Home > Uncategorized > ok, my daylighting class is over – so one down. sp…

ok, my daylighting class is over – so one down. sp…

ok, my daylighting class is over – so one down. spent most of the night plugging values into a multi-page excel document in order to simulate daylighting conditions achieved through a lightwell in the parking deck of the new Austin City Hall. our class (there are only 4 of us) got a behind the scenes tour of the building saturday morning; it’s still in construction and shouldn’t open till november. it’s cool looking from the outside b/c of all the copper siding, which will eventually develop a nice patina, and there are lots of planters all over the place in the front, so a bunch of green should eventually cascade over the sides. the lightwell i speak of has a waterfall cascading down a limestone wall that runs up one side of the lightwell – which is 9m x 3m x 3m, pretty large. this probably means nothing to you, but the lightwell is nice – it provides natural lighting 40′ down below the surface where you park your car, and creates a very visible exit route from the deck.

we got all of our lighting measurements and then got a tour or the rest of the building, which SUCKS. granted, it has a very nice public atrium, and there are some really great spaces and moments, but as a whole, i’m surprised at what a deal people are making of this thing. they’re trying to get this building a silver LEED rating – for those that don’t know what that is, it’s the industry rating for making sustainable buildings, silver is third highest (then gold and platinum). the thing doesn’t even have operable windows! the architect who toured us claimed that all the design teams sat down and decided that operable windows weren’t worth it in the austin climate b/c it’s so humid. it’s only really humid in the summer! what about spring and fall and the random warm days during our mild winter? plus, the building is right on the water – it was almost 80degrees when we were there, and there was an incredible breeze that flowed right through the building b/c it didn’t have glass yet! what a load of bullshite! PLUS, there were these random columns in the middle of offices, which by the way, were laid out like a common office building, so the suckers w/o perimeter offices didn’t get any daylight. oh, my bad, the architect so thoughtfully put those vertical windows in next to the doors – she seriously claimed that was a method for them to get daylighting inside the building. oh..my..god.

my disbelief at the simple things missed is not a symptom of my naivety or lack of experience. one of the students, getting his second masters, had been a practicing architect for 20 years all over the world for big firms, and said the same things. this building is the epitome of the LEED certification – higher efficiency using energy intensive products, since the LEED certification itself is an industry set standard. the only incentive they have is to sell their products. granted, it’s a good starting point and is better than nothing, but this building had some glaring mistakes. especially as austin is positioning itself as one of the foremost ‘green’ cities (a new solar electricity plan was just rolled out w/ major incentives – we should be the most solar city in the country in a matter of years – UTSolarD is going to benefit from some of the incentives) the new city hall should be a landmark building that showcases serious sustainable building technology. efficient systems are not the way to being good, as william mcdonough so brilliantly stated in his lecture here last week, as well as in his revolutionary utopian manifesto cradle to cradle. being efficient, he says, is not the path to being good, it’s only being less bad. one of his standard lines is that an efficient nazi isn’t good – neither is an efficient building. it needs to effective. mcdonough just finished the renovation of the ford river rough manufacturing plant – THE manufacturing plant, which now sports over 2mil acres of green roof [the world’s largest]. apparently ford’s stormwater management system for that site cost $48mil. to install the green roof cost $13mil. the green roof acts as a stormwater management system by retaining runoff water (instead of letting it all drain off the roof and down the gutter, the soil absorbs it, feeding plants, and then eventually evaporating, helping to cool the building). that right there was a cost saving of $35mil, which was apparently the equivalent of a 900,000 car order of ford focus’. that’s how he frames the whole method of building green – frame it for the client, which in this case was focused on the bottom line.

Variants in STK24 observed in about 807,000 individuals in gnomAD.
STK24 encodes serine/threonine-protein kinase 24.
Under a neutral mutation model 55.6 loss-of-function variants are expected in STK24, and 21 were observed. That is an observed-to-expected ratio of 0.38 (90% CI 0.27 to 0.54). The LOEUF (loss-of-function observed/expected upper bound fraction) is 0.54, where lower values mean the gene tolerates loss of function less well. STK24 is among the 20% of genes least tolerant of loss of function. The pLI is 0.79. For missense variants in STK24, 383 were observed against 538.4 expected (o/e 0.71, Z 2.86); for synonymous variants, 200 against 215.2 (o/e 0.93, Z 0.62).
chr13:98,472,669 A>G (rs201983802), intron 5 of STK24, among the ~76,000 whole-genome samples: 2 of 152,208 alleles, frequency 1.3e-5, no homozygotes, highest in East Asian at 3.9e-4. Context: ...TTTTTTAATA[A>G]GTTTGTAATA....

anyway, back to CAD – need to finish drawing my house by this afternoon so i can start on the model tonight or tomorrow, i only have 2 days left.

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